Urbi Et Orbi (to the city [Rome] and the world)
Message of His Holiness Pope Francis
Dear Brothers and Sisters, Happy Easter!
Today, throughout the world, the Church echoes once more the astonishing message of the first disciples: “Jesus is risen!” – “He is truly risen, as he said!”
The ancient feast of Passover, the commemoration of the liberation of the Hebrew people from slavery, here finds fulfillment. By his resurrection, Jesus Christ has set us free from the slavery of sin and death, and has opened before us the way to eternal life.
All of us, when we let ourselves be mastered by sin, lose the right way and end up straying like lost sheep. But God himself, our shepherd, has come in search of us. To save us, he lowered himself even to accepting death on the cross. Today we can proclaim: “The Good Shepherd has risen, who laid down his life for his sheep, and willingly died for his flock, alleluia” (Roman Missal, IV Sunday of Easter, Communion antiphon).
In every age, the Risen Shepherd tirelessly seeks us, his brothers and sisters, wandering in the deserts of this world. With the marks of the passion – the wounds of his merciful love – he draws us to follow him on his way, the way of life. Today too, he places upon his shoulders so many of our brothers and sisters crushed by evil in all its varied forms. The Risen Shepherd goes in search of all those lost in the labyrinths of loneliness and marginalization. He comes to meet them through our brothers and sisters who treat them with respect and kindness, and help them to hear his voice, an unforgettable voice, a voice calling them back to friendship with God.
He takes upon himself all those victimized by old and new forms of slavery, inhuman labour, illegal trafficking, exploitation and discrimination, and grave forms of addiction. He takes upon himself children and adolescents deprived of their carefree innocence and exploited, and those deeply hurt by acts of violence that take place within the walls of their own home.
The Risen Shepherd walks beside all those forced to leave their homelands as a result of armed conflicts, terrorist attacks, famine and oppressive regimes. Everywhere he helps these forced migrants to encounter brothers and sisters, with whom they can share bread and hope on their journey.
In the complex and often dramatic situations of today’s world, may the Risen Lord guide the steps of all those who work for justice and peace. May he grant the leaders of nations the courage they need to prevent the spread of conflicts and to put a halt to the arms trade.
Especially in these days, may he sustain the efforts of all those actively engaged in bringing comfort and relief to the civil population in beloved Syria, so greatly suffering from a war that continues to sow horror and death. Yesterday saw the latest vile attack on fleeing refugees, resulting in the death and injury of many. May he grant peace to the entire Middle East, beginning with the Holy Land, as well as in Iraq and Yemen. May the Good Shepherd remain close to the people of South Sudan, Sudan, Somalia and the Democratic Republic of Congo, who endure continuing hostilities, aggravated by the grave famine affecting certain parts of Africa.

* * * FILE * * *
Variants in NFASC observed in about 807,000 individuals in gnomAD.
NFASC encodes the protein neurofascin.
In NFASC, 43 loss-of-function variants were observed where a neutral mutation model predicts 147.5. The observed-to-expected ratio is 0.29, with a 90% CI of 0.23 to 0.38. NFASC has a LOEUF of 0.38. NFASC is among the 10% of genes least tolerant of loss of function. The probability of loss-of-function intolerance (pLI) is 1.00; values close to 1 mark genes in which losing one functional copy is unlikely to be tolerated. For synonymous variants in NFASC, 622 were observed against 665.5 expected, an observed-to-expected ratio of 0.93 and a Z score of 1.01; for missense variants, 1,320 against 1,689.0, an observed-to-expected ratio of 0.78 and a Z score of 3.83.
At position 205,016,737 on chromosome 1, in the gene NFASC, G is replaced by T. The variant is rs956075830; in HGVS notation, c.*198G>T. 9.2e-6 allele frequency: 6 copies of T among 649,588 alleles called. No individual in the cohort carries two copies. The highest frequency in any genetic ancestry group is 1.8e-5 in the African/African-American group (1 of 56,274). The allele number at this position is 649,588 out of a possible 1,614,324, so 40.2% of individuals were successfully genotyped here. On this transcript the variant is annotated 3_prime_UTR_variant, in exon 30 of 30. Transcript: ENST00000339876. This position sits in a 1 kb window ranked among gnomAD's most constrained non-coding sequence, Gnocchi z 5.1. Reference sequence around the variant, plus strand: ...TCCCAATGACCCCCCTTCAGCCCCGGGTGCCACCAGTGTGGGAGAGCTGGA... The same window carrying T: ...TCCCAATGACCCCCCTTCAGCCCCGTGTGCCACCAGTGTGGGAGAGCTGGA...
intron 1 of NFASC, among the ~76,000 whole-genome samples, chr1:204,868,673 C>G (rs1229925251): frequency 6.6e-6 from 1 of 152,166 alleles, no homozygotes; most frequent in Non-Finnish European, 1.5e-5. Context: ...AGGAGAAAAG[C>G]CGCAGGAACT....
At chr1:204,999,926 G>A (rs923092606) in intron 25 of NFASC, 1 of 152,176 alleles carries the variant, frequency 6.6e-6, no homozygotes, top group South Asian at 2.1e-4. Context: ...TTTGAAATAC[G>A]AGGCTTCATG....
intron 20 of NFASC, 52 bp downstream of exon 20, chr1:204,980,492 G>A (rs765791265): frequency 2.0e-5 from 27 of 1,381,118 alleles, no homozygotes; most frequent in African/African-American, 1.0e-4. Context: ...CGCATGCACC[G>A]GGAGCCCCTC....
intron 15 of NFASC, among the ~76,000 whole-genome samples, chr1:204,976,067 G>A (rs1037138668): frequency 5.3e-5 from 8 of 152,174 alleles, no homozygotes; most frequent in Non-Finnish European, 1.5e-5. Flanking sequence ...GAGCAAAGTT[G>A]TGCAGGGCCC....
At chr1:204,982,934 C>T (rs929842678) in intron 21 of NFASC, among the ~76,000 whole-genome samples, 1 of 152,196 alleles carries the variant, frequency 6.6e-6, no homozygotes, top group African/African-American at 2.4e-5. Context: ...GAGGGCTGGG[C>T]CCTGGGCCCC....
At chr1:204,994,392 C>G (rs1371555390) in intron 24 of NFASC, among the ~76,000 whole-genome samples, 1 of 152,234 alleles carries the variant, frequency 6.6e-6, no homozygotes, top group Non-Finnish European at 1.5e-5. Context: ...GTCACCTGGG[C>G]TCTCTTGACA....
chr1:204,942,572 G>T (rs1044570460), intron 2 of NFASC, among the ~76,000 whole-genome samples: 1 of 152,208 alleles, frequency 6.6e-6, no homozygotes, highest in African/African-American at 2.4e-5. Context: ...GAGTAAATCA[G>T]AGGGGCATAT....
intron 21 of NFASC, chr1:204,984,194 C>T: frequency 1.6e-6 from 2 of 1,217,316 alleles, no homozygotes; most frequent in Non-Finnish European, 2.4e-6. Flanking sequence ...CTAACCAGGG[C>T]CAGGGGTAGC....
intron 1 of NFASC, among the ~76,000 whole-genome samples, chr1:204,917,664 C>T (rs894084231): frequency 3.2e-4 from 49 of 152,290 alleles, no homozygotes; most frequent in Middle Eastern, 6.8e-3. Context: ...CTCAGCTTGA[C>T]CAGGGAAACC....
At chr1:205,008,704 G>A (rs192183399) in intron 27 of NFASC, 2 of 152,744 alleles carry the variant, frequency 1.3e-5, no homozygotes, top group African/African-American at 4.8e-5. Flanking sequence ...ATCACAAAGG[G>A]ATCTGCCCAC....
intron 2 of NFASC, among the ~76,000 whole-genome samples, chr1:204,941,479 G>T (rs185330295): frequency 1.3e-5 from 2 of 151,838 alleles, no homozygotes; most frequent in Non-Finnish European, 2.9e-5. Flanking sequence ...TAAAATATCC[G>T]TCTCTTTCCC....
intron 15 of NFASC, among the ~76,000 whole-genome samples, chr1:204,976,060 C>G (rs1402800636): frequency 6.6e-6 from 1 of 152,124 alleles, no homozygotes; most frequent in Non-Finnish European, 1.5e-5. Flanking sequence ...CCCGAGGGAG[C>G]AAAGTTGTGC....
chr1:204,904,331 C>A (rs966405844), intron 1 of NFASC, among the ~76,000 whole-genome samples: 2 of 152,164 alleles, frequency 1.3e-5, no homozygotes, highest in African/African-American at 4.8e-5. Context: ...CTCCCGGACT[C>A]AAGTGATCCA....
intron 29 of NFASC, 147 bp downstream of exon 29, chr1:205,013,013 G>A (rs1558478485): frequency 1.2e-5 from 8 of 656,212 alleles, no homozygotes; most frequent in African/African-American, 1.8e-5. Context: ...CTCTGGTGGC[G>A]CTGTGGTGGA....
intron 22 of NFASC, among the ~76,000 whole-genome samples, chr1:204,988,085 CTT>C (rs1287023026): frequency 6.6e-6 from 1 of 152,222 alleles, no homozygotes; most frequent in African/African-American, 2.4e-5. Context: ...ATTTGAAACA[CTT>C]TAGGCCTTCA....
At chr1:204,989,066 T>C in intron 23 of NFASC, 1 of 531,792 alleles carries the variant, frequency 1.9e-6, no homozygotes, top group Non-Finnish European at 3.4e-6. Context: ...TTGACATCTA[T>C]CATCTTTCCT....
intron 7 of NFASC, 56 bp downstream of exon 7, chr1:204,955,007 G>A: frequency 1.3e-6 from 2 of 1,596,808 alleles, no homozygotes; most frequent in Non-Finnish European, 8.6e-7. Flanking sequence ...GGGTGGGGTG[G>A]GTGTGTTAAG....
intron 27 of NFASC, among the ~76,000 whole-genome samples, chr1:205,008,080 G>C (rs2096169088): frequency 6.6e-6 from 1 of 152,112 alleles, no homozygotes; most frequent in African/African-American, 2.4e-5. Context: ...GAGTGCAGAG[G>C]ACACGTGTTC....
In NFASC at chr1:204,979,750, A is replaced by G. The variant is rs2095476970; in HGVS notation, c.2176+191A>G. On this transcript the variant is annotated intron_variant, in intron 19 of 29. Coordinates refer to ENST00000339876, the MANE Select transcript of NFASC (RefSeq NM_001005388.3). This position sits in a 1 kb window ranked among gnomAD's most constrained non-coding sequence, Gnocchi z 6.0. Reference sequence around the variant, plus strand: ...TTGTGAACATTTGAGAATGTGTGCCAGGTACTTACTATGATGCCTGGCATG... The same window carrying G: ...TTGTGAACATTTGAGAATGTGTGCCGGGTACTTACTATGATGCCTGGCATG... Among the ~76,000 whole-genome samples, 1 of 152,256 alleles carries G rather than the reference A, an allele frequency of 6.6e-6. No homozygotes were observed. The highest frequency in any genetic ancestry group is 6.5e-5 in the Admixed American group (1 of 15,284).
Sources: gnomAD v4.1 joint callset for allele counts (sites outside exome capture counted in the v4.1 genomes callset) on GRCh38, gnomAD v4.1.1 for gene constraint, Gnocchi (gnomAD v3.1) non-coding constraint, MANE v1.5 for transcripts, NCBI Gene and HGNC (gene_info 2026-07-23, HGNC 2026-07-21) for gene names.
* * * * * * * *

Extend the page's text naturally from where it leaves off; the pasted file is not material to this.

May the Risen Jesus sustain the efforts of all those who, especially in Latin America, are committed to ensuring the common good of societies marked at times by political and social tensions that in some cases have resulted in violence. May it be possible for bridges of dialogue to be built, by continuing to fight the scourge of corruption and to seek viable and peaceful solutions to disputes, for progress and the strengthening of democratic institutions in complete respect for the rule of law.
May the Good Shepherd come to the aid of Ukraine, still beset by conflict and bloodshed, to regain social harmony. May he accompany every effort to alleviate the tragic sufferings of those affected by the conflict.
The Risen Lord continues to shed his blessing upon the continent of Europe. May he grant hope to those experiencing moments of crisis and difficulty, especially due to high unemployment, particularly among young people.
Dear brothers and sisters, this year Christians of every confession celebrate Easter together. With one voice, in every part of the world, we proclaim the great message: “The Lord is truly risen, as he said!” May Jesus, who vanquished the darkness of sin and death, grant peace to our days.
(© Copyright - Libreria Editrice Vaticana)
We are Easter People… and ‘Alleluia’ is our song!
Fr. Kevin McHugh
One of our parishioners recently reminded me of a Homily I preached one Easter Sunday. It was the opening line that caught her attention. When spoken aloud there is something very solemn, very dramatic about it: We are Easter People… and ‘Alleluia’ is our song!
St Augustine, one of the great saints of the Church, was a Bishop in the country we now call Algeria. One Easter morning, about 1600 years ago, while preaching in his Cathedral he spoke these immortal lines:
“If we were silent about the joy that comes from the risen Jesus,
the very stones of our cities would cry out.
For we are Easter People and ‘alleluia’ is our song”!
Here in Malate church we ‘sing our song’ during the Easter Vigil which begins at 3:00AM. Yes, that’s right, 3AM! Those who have been able to join in this dawn celebration will recall the jubilation that is expressed in the opening verses of the magnificent hymn of praise – the Easter Proclamation.